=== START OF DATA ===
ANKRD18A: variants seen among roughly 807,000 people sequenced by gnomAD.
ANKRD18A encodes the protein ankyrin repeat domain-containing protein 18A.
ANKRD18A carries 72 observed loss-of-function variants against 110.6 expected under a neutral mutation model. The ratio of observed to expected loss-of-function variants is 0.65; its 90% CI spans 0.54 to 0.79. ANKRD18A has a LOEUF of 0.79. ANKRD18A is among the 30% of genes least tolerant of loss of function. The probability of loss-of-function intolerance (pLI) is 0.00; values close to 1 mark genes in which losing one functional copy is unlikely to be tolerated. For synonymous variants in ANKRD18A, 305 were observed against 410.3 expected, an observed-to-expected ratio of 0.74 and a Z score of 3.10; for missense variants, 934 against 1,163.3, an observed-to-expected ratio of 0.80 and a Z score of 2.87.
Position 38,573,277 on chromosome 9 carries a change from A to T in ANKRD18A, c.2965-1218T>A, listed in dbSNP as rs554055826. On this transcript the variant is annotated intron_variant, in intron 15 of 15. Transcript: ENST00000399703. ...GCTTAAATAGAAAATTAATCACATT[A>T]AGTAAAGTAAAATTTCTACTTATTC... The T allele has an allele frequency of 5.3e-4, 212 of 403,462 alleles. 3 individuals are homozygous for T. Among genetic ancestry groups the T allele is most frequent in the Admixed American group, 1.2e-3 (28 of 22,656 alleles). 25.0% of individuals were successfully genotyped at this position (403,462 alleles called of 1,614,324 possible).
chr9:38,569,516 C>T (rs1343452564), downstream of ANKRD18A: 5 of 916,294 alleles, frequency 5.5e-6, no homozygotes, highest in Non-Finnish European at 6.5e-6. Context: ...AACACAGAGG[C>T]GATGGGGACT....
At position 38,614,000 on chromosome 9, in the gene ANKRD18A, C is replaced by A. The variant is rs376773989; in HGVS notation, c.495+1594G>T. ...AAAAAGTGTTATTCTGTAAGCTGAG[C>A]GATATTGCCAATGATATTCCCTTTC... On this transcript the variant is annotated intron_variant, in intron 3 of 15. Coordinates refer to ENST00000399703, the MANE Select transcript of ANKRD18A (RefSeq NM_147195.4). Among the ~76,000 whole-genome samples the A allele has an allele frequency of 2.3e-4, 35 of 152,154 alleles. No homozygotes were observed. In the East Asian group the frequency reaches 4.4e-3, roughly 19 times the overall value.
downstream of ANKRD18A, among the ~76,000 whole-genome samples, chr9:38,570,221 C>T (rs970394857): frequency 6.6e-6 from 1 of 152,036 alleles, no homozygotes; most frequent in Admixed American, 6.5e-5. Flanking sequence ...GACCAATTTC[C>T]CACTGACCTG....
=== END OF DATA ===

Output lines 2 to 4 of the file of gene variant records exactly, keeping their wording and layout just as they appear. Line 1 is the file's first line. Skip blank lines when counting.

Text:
ANKRD18A encodes the protein ankyrin repeat domain-containing protein 18A.
ANKRD18A carries 72 observed loss-of-function variants against 110.6 expected under a neutral mutation model. The ratio of observed to expected loss-of-function variants is 0.65; its 90% CI spans 0.54 to 0.79. ANKRD18A has a LOEUF of 0.79. ANKRD18A is among the 30% of genes least tolerant of loss of function. The probability of loss-of-function intolerance (pLI) is 0.00; values close to 1 mark genes in which losing one functional copy is unlikely to be tolerated. For synonymous variants in ANKRD18A, 305 were observed against 410.3 expected, an observed-to-expected ratio of 0.74 and a Z score of 3.10; for missense variants, 934 against 1,163.3, an observed-to-expected ratio of 0.80 and a Z score of 2.87.
Position 38,573,277 on chromosome 9 carries a change from A to T in ANKRD18A, c.2965-1218T>A, listed in dbSNP as rs554055826. On this transcript the variant is annotated intron_variant, in intron 15 of 15. Transcript: ENST00000399703. ...GCTTAAATAGAAAATTAATCACATT[A>T]AGTAAAGTAAAATTTCTACTTATTC... The T allele has an allele frequency of 5.3e-4, 212 of 403,462 alleles. 3 individuals are homozygous for T. Among genetic ancestry groups the T allele is most frequent in the Admixed American group, 1.2e-3 (28 of 22,656 alleles). 25.0% of individuals were successfully genotyped at this position (403,462 alleles called of 1,614,324 possible).